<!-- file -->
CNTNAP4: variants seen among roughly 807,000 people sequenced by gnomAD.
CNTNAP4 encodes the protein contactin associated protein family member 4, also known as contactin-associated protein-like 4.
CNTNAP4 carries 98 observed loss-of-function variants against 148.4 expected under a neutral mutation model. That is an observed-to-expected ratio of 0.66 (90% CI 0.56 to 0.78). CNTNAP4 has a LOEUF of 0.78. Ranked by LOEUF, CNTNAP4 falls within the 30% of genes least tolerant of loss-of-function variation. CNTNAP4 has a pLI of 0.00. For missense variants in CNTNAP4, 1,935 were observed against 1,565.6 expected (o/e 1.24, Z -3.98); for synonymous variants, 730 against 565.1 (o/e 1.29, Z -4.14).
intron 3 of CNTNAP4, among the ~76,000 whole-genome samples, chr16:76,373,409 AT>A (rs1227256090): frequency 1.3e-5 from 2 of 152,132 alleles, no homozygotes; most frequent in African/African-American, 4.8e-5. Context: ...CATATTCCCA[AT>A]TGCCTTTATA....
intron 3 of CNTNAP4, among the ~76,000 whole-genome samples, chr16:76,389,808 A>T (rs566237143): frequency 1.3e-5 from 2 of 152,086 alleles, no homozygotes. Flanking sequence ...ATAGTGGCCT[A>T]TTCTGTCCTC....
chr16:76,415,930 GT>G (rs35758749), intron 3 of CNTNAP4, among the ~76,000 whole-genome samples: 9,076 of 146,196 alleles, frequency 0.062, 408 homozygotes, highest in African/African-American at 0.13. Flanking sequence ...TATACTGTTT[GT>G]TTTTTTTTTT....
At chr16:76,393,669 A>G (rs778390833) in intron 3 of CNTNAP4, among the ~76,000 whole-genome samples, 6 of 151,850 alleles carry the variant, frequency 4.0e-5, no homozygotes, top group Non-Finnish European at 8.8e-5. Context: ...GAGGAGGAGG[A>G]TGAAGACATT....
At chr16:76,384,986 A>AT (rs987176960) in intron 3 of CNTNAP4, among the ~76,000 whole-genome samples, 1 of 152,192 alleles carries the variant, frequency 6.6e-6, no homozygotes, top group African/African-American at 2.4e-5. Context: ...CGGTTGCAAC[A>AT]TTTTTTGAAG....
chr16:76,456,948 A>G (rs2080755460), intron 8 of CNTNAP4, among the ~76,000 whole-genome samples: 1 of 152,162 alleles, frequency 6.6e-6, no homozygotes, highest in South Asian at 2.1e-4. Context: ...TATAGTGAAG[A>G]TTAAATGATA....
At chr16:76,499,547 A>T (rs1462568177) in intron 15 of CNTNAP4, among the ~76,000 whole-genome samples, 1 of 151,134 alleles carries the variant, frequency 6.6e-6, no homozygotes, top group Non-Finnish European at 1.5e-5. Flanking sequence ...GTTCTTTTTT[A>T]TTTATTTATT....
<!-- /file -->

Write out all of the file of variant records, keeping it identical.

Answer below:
CNTNAP4: variants seen among roughly 807,000 people sequenced by gnomAD.
CNTNAP4 encodes the protein contactin associated protein family member 4, also known as contactin-associated protein-like 4.
CNTNAP4 carries 98 observed loss-of-function variants against 148.4 expected under a neutral mutation model. That is an observed-to-expected ratio of 0.66 (90% CI 0.56 to 0.78). CNTNAP4 has a LOEUF of 0.78. Ranked by LOEUF, CNTNAP4 falls within the 30% of genes least tolerant of loss-of-function variation. CNTNAP4 has a pLI of 0.00. For missense variants in CNTNAP4, 1,935 were observed against 1,565.6 expected (o/e 1.24, Z -3.98); for synonymous variants, 730 against 565.1 (o/e 1.29, Z -4.14).
intron 3 of CNTNAP4, among the ~76,000 whole-genome samples, chr16:76,373,409 AT>A (rs1227256090): frequency 1.3e-5 from 2 of 152,132 alleles, no homozygotes; most frequent in African/African-American, 4.8e-5. Context: ...CATATTCCCA[AT>A]TGCCTTTATA....
intron 3 of CNTNAP4, among the ~76,000 whole-genome samples, chr16:76,389,808 A>T (rs566237143): frequency 1.3e-5 from 2 of 152,086 alleles, no homozygotes. Flanking sequence ...ATAGTGGCCT[A>T]TTCTGTCCTC....
chr16:76,415,930 GT>G (rs35758749), intron 3 of CNTNAP4, among the ~76,000 whole-genome samples: 9,076 of 146,196 alleles, frequency 0.062, 408 homozygotes, highest in African/African-American at 0.13. Flanking sequence ...TATACTGTTT[GT>G]TTTTTTTTTT....
At chr16:76,393,669 A>G (rs778390833) in intron 3 of CNTNAP4, among the ~76,000 whole-genome samples, 6 of 151,850 alleles carry the variant, frequency 4.0e-5, no homozygotes, top group Non-Finnish European at 8.8e-5. Context: ...GAGGAGGAGG[A>G]TGAAGACATT....
At chr16:76,384,986 A>AT (rs987176960) in intron 3 of CNTNAP4, among the ~76,000 whole-genome samples, 1 of 152,192 alleles carries the variant, frequency 6.6e-6, no homozygotes, top group African/African-American at 2.4e-5. Context: ...CGGTTGCAAC[A>AT]TTTTTTGAAG....
chr16:76,456,948 A>G (rs2080755460), intron 8 of CNTNAP4, among the ~76,000 whole-genome samples: 1 of 152,162 alleles, frequency 6.6e-6, no homozygotes, highest in South Asian at 2.1e-4. Context: ...TATAGTGAAG[A>G]TTAAATGATA....
At chr16:76,499,547 A>T (rs1462568177) in intron 15 of CNTNAP4, among the ~76,000 whole-genome samples, 1 of 151,134 alleles carries the variant, frequency 6.6e-6, no homozygotes, top group Non-Finnish European at 1.5e-5. Flanking sequence ...GTTCTTTTTT[A>T]TTTATTTATT....